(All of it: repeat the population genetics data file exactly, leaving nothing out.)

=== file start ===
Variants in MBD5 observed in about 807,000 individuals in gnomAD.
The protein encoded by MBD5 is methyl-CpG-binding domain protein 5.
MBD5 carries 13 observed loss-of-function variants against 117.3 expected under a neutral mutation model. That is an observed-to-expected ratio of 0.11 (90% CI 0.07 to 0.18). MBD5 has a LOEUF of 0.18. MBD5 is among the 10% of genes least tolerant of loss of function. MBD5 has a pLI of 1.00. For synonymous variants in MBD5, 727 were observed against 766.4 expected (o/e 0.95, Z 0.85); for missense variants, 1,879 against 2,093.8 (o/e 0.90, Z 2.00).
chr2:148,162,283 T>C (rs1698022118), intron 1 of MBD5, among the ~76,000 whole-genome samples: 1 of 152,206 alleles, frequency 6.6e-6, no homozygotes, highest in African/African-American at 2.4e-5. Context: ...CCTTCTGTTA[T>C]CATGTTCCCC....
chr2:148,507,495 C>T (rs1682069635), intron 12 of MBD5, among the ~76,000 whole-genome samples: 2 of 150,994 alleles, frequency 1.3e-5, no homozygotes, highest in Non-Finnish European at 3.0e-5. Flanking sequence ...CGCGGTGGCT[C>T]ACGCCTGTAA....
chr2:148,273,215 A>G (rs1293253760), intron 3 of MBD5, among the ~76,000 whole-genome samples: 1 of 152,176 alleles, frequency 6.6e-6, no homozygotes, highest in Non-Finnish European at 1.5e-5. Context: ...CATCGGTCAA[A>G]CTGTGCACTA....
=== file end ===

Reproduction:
Variants in MBD5 observed in about 807,000 individuals in gnomAD.
The protein encoded by MBD5 is methyl-CpG-binding domain protein 5.
MBD5 carries 13 observed loss-of-function variants against 117.3 expected under a neutral mutation model. That is an observed-to-expected ratio of 0.11 (90% CI 0.07 to 0.18). MBD5 has a LOEUF of 0.18. MBD5 is among the 10% of genes least tolerant of loss of function. MBD5 has a pLI of 1.00. For synonymous variants in MBD5, 727 were observed against 766.4 expected (o/e 0.95, Z 0.85); for missense variants, 1,879 against 2,093.8 (o/e 0.90, Z 2.00).
chr2:148,162,283 T>C (rs1698022118), intron 1 of MBD5, among the ~76,000 whole-genome samples: 1 of 152,206 alleles, frequency 6.6e-6, no homozygotes, highest in African/African-American at 2.4e-5. Context: ...CCTTCTGTTA[T>C]CATGTTCCCC....
chr2:148,507,495 C>T (rs1682069635), intron 12 of MBD5, among the ~76,000 whole-genome samples: 2 of 150,994 alleles, frequency 1.3e-5, no homozygotes, highest in Non-Finnish European at 3.0e-5. Flanking sequence ...CGCGGTGGCT[C>T]ACGCCTGTAA....
chr2:148,273,215 A>G (rs1293253760), intron 3 of MBD5, among the ~76,000 whole-genome samples: 1 of 152,176 alleles, frequency 6.6e-6, no homozygotes, highest in Non-Finnish European at 1.5e-5. Context: ...CATCGGTCAA[A>G]CTGTGCACTA....